Speaker of the House William B. Bankhead (right) and his brother, Senator John H. Bankhead II, in Washington, D.C. (1939)

After reapportionment and redistricting following the 1930 Census, Bankhead was re-elected Representative from the 7th District in 1932, and was re-elected three times, serving until his death in 1940. Bankhead served as chairman of the House Rules Committee from April 1934 until January 1935, taking over for Edward W. Pou who died in office. In 1934, he was chosen House Majority Leader by his fellow Democrats. On June 4, 1936, he was chosen Speaker of the House to succeed Jo Byrns, who had died that morning. Bankhead served as Speaker until his death on September 15, 1940.[5] His cause of death was a stomach hemorrhage.[6]

As Speaker, Bankhead held the second-highest political office of any Alabamian, after only Vice President William R. King.

At the 1940 Democratic National Convention (three months before his death), he finished second to Henry A. Wallace on the Vice Presidential ticket, losing the delegate count 626–329.

Bankhead family

Bankhead in his office in Washington, D.C., with his daughter Tallulah (left) and his wife Florence (1937)

Bankhead's father, John H. Bankhead, was a U.S. Representative and Senator. His elder brother John H. Bankhead II was also a U.S. Senator, and his nephew Walter Will Bankhead was a U.S. Representative. His daughter, Tallulah Bankhead, was the acclaimed theatrical, radio and motion picture actress.[7]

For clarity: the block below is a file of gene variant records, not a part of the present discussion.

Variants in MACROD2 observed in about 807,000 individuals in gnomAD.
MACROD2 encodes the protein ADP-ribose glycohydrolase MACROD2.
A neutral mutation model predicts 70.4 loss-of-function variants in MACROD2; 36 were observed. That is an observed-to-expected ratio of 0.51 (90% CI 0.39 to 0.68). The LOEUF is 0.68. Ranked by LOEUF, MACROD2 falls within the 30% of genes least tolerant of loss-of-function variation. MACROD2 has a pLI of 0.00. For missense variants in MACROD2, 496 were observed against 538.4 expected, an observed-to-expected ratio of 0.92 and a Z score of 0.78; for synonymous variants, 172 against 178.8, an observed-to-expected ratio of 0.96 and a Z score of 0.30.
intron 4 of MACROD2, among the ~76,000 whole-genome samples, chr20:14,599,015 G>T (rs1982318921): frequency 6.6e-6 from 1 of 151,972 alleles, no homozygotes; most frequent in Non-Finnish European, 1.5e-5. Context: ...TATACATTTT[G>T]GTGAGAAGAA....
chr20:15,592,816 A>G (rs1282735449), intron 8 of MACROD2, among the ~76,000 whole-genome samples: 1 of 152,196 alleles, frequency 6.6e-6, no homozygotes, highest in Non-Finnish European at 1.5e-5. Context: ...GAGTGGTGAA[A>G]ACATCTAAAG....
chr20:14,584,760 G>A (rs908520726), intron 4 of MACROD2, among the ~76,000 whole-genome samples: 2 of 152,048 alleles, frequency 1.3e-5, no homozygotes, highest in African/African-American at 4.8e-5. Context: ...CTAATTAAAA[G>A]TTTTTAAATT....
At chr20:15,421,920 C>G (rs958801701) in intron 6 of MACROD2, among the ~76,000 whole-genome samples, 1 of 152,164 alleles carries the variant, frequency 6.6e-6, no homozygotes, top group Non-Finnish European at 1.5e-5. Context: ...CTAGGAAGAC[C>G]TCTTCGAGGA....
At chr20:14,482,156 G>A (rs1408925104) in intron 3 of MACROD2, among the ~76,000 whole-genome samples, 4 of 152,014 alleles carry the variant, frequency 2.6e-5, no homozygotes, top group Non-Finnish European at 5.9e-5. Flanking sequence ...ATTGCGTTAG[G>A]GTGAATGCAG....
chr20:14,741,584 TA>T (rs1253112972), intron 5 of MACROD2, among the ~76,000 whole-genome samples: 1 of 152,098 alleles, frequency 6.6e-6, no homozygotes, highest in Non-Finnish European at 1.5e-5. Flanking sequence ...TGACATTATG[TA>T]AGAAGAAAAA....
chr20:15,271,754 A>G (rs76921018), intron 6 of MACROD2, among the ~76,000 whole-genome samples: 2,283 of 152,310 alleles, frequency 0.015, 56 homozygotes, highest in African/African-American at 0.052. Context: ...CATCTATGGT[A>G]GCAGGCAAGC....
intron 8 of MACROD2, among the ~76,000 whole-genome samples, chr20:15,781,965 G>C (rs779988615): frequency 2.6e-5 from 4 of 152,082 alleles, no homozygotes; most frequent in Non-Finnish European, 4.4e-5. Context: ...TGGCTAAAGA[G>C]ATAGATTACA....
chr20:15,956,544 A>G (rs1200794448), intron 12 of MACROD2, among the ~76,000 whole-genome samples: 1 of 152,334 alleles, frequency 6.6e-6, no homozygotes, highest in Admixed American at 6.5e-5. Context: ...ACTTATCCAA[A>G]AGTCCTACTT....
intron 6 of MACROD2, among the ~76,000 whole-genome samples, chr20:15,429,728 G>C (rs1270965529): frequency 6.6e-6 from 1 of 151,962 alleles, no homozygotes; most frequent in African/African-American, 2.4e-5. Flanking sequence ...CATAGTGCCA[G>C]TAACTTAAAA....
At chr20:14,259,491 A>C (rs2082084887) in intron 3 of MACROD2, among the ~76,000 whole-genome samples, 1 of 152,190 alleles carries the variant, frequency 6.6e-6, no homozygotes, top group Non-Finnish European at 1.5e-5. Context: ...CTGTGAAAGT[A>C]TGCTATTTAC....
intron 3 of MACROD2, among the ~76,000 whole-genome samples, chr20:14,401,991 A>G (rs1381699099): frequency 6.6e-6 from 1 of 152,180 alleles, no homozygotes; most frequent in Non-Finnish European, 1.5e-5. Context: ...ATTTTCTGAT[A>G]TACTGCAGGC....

The William B. Bankhead National Forest and sections of old US Highway 78 in northern Alabama are named in his honor. His home in Jasper has been renovated to house the Walker Area Community Foundation's "Bankhead House and Heritage Center", a history museum and arts venue.

See also


Grossman, Mark, "Speakers of the House of Representatives 1789-2009" (New York: Grey House Publishing, 2009).

  1. ^ Robert E. Dewhirst, John David Rausch, Encyclopedia of the United States Congress (2007), p. 35.
  2. ^ Walter J. Heacock, "William B. Bankhead and the New Deal", The Journal of Southern History, Vol. 21, No. 3 (Aug. 1955), pp. 347–359.
  3. ^ "Alabama's history: Three generations of Bankheads were the state's shining stars". Retrieved January 10, 2018.
  4. ^ "William B. Bankhead | Encyclopedia of Alabama". Encyclopedia of Alabama. Retrieved January 10, 2018.
  5. ^ []
  6. ^ [] . Retrieved December 24, 2018.
  7. ^ Tallulah Bankhead - A passionate life, on

External links

U.S. House of Representatives
New constituency Member of the U.S. House of Representatives
from Alabama's 10th congressional district

Constituency established
Preceded by
Miles C. Allgood
Member of the U.S. House of Representatives
from Alabama's 7th congressional district

Succeeded by
Zadoc L. Weatherford
Preceded by
Jo Byrns
House Majority Leader
Succeeded by
Sam Rayburn
Party political offices
Preceded by
Jo Byrns
House Democratic Deputy Leader
Succeeded by
Sam Rayburn
Preceded by
Alben W. Barkley
Joseph Taylor Robinson
Keynote Speaker of the Democratic National Convention
Succeeded by
Robert S. Kerr
Political offices
Preceded by
Jo Byrns
Speaker of the U.S. House of Representatives
Succeeded by
Sam Rayburn